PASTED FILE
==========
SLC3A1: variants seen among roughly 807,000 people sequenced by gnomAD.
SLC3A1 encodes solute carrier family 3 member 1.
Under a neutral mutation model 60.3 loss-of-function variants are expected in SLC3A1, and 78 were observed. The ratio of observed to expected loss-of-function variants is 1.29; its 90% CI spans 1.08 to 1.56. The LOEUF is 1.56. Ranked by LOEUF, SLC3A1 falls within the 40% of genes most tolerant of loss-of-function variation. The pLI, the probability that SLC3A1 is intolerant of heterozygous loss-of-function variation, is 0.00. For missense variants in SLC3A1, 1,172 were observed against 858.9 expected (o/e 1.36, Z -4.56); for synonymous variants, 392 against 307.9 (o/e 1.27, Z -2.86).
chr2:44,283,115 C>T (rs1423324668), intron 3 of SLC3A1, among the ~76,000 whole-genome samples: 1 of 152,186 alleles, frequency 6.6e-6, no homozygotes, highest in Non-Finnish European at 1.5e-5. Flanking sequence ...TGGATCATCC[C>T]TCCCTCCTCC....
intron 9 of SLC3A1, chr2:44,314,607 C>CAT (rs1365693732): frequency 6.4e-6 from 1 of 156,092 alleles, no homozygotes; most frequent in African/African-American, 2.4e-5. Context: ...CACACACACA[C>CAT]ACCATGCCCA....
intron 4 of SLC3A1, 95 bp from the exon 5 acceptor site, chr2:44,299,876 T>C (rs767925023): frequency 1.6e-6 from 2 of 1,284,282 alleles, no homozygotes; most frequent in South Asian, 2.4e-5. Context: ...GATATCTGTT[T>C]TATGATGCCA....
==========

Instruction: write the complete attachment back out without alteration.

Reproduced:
SLC3A1: variants seen among roughly 807,000 people sequenced by gnomAD.
SLC3A1 encodes solute carrier family 3 member 1.
Under a neutral mutation model 60.3 loss-of-function variants are expected in SLC3A1, and 78 were observed. The ratio of observed to expected loss-of-function variants is 1.29; its 90% CI spans 1.08 to 1.56. The LOEUF is 1.56. Ranked by LOEUF, SLC3A1 falls within the 40% of genes most tolerant of loss-of-function variation. The pLI, the probability that SLC3A1 is intolerant of heterozygous loss-of-function variation, is 0.00. For missense variants in SLC3A1, 1,172 were observed against 858.9 expected (o/e 1.36, Z -4.56); for synonymous variants, 392 against 307.9 (o/e 1.27, Z -2.86).
chr2:44,283,115 C>T (rs1423324668), intron 3 of SLC3A1, among the ~76,000 whole-genome samples: 1 of 152,186 alleles, frequency 6.6e-6, no homozygotes, highest in Non-Finnish European at 1.5e-5. Flanking sequence ...TGGATCATCC[C>T]TCCCTCCTCC....
intron 9 of SLC3A1, chr2:44,314,607 C>CAT (rs1365693732): frequency 6.4e-6 from 1 of 156,092 alleles, no homozygotes; most frequent in African/African-American, 2.4e-5. Context: ...CACACACACA[C>CAT]ACCATGCCCA....
intron 4 of SLC3A1, 95 bp from the exon 5 acceptor site, chr2:44,299,876 T>C (rs767925023): frequency 1.6e-6 from 2 of 1,284,282 alleles, no homozygotes; most frequent in South Asian, 2.4e-5. Context: ...GATATCTGTT[T>C]TATGATGCCA....